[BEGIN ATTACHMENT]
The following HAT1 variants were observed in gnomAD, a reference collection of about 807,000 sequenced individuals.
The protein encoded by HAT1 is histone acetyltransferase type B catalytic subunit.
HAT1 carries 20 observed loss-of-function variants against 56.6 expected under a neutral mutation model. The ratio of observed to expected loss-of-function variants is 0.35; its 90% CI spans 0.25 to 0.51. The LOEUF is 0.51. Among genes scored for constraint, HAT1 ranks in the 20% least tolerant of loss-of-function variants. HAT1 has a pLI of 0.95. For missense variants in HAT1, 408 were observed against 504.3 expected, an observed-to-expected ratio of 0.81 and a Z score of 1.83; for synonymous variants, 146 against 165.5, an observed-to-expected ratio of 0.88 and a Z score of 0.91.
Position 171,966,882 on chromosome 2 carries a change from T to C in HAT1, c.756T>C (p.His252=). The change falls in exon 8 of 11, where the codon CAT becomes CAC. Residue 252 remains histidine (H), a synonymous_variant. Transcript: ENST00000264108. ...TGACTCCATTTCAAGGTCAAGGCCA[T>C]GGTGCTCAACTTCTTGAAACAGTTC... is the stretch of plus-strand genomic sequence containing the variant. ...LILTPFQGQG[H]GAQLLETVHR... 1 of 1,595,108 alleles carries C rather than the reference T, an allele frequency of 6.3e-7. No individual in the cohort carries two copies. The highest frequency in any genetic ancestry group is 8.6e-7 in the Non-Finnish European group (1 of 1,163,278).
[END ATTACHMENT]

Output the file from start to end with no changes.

The following HAT1 variants were observed in gnomAD, a reference collection of about 807,000 sequenced individuals.
The protein encoded by HAT1 is histone acetyltransferase type B catalytic subunit.
HAT1 carries 20 observed loss-of-function variants against 56.6 expected under a neutral mutation model. The ratio of observed to expected loss-of-function variants is 0.35; its 90% CI spans 0.25 to 0.51. The LOEUF is 0.51. Among genes scored for constraint, HAT1 ranks in the 20% least tolerant of loss-of-function variants. HAT1 has a pLI of 0.95. For missense variants in HAT1, 408 were observed against 504.3 expected, an observed-to-expected ratio of 0.81 and a Z score of 1.83; for synonymous variants, 146 against 165.5, an observed-to-expected ratio of 0.88 and a Z score of 0.91.
Position 171,966,882 on chromosome 2 carries a change from T to C in HAT1, c.756T>C (p.His252=). The change falls in exon 8 of 11, where the codon CAT becomes CAC. Residue 252 remains histidine (H), a synonymous_variant. Transcript: ENST00000264108. ...TGACTCCATTTCAAGGTCAAGGCCA[T>C]GGTGCTCAACTTCTTGAAACAGTTC... is the stretch of plus-strand genomic sequence containing the variant. ...LILTPFQGQG[H]GAQLLETVHR... 1 of 1,595,108 alleles carries C rather than the reference T, an allele frequency of 6.3e-7. No individual in the cohort carries two copies. The highest frequency in any genetic ancestry group is 8.6e-7 in the Non-Finnish European group (1 of 1,163,278).